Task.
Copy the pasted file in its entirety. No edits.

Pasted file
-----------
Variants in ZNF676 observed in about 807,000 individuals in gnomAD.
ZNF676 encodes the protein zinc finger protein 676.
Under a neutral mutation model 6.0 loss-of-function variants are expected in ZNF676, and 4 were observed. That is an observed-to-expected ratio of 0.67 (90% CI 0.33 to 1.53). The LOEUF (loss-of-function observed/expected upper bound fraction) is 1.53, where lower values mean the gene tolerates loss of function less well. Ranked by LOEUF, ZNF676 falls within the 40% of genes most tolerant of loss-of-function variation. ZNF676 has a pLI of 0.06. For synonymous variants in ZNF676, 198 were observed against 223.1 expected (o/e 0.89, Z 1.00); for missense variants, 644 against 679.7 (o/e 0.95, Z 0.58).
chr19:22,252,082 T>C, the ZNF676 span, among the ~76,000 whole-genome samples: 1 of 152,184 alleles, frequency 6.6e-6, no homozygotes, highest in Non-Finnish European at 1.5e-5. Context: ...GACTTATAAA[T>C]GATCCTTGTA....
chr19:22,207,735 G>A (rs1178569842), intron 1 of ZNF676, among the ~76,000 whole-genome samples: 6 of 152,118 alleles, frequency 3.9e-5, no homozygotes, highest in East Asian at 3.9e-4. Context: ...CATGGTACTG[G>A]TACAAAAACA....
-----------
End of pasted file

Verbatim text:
Variants in ZNF676 observed in about 807,000 individuals in gnomAD.
ZNF676 encodes the protein zinc finger protein 676.
Under a neutral mutation model 6.0 loss-of-function variants are expected in ZNF676, and 4 were observed. That is an observed-to-expected ratio of 0.67 (90% CI 0.33 to 1.53). The LOEUF (loss-of-function observed/expected upper bound fraction) is 1.53, where lower values mean the gene tolerates loss of function less well. Ranked by LOEUF, ZNF676 falls within the 40% of genes most tolerant of loss-of-function variation. ZNF676 has a pLI of 0.06. For synonymous variants in ZNF676, 198 were observed against 223.1 expected (o/e 0.89, Z 1.00); for missense variants, 644 against 679.7 (o/e 0.95, Z 0.58).
chr19:22,252,082 T>C, the ZNF676 span, among the ~76,000 whole-genome samples: 1 of 152,184 alleles, frequency 6.6e-6, no homozygotes, highest in Non-Finnish European at 1.5e-5. Context: ...GACTTATAAA[T>C]GATCCTTGTA....
chr19:22,207,735 G>A (rs1178569842), intron 1 of ZNF676, among the ~76,000 whole-genome samples: 6 of 152,118 alleles, frequency 3.9e-5, no homozygotes, highest in East Asian at 3.9e-4. Context: ...CATGGTACTG[G>A]TACAAAAACA....